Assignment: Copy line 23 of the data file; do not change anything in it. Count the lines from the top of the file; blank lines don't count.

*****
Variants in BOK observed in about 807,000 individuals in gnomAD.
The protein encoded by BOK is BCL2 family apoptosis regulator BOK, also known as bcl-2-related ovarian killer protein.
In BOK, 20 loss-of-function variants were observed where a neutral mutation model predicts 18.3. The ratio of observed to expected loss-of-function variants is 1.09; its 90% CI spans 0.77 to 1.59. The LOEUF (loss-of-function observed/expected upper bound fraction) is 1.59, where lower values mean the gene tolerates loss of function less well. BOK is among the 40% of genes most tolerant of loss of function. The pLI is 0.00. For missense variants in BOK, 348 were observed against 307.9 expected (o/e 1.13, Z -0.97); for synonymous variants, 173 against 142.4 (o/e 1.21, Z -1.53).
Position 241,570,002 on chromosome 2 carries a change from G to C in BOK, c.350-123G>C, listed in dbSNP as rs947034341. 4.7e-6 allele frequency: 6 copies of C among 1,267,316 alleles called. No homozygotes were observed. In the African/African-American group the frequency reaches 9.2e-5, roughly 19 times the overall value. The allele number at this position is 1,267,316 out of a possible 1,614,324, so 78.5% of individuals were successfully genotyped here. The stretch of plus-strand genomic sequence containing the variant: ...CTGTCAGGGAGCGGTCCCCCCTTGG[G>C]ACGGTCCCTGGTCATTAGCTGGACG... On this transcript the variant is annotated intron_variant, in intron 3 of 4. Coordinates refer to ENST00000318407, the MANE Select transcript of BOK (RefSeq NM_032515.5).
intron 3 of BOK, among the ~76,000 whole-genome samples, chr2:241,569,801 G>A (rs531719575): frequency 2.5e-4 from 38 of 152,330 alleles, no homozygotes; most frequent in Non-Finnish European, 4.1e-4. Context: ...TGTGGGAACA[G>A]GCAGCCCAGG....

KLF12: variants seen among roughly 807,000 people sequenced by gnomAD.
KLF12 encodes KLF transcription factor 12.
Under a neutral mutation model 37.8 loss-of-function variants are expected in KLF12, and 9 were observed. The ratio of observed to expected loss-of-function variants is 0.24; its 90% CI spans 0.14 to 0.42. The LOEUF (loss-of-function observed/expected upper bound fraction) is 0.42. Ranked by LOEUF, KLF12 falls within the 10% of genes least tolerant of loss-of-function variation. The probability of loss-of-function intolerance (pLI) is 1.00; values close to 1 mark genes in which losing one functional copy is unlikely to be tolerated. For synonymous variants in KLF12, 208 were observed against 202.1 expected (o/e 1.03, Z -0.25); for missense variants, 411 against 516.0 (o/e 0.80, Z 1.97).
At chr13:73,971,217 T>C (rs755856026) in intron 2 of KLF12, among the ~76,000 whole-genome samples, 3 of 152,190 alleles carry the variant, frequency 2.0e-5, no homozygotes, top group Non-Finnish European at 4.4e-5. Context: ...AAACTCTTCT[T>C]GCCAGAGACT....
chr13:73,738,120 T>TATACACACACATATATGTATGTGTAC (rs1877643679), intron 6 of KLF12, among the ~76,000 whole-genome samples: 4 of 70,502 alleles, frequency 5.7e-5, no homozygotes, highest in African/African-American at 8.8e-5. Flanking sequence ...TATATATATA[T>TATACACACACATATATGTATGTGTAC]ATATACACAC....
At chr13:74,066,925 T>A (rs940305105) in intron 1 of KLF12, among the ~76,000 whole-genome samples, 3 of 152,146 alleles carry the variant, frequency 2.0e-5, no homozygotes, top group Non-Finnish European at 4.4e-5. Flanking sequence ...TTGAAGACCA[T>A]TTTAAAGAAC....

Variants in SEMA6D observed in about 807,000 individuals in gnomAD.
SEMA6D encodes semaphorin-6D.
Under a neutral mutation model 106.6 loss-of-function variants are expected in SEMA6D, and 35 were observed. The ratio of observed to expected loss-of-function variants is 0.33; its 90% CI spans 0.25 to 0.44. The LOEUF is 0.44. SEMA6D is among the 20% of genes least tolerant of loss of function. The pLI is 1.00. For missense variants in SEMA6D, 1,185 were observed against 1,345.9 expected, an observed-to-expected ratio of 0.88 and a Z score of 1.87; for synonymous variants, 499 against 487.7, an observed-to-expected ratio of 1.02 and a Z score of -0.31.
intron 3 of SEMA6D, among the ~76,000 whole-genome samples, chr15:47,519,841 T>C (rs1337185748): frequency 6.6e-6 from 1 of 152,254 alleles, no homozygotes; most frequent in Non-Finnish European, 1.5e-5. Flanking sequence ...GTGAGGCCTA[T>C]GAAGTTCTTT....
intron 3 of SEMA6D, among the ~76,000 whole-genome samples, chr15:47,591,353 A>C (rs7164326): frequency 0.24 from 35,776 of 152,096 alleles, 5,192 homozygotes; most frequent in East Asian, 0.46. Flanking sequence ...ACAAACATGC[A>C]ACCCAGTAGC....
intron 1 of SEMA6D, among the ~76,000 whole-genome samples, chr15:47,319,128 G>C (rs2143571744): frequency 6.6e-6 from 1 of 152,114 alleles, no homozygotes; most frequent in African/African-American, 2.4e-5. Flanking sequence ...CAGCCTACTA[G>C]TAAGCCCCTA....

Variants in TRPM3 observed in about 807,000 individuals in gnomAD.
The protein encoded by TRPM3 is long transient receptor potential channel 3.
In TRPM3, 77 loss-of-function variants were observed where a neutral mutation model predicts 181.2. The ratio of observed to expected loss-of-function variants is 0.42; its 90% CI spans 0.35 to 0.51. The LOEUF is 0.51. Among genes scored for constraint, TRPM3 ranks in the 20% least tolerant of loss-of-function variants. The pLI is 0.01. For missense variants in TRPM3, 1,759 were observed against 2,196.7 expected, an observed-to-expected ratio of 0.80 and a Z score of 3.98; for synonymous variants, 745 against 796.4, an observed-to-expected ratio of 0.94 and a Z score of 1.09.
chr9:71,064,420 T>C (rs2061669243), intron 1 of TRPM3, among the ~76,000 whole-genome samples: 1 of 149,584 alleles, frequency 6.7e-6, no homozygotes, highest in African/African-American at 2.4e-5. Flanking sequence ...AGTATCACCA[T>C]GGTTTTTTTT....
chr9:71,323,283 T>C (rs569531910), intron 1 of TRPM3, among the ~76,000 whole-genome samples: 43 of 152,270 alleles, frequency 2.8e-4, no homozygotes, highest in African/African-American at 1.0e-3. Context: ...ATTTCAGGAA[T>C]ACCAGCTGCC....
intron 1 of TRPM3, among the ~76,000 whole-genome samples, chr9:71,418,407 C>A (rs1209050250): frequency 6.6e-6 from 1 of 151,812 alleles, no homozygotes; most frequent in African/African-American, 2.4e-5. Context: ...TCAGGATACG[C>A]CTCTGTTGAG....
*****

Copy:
intron 1 of TRPM3, among the ~76,000 whole-genome samples, chr9:71,418,407 C>A (rs1209050250): frequency 6.6e-6 from 1 of 151,812 alleles, no homozygotes; most frequent in African/African-American, 2.4e-5. Context: ...TCAGGATACG[C>A]CTCTGTTGAG....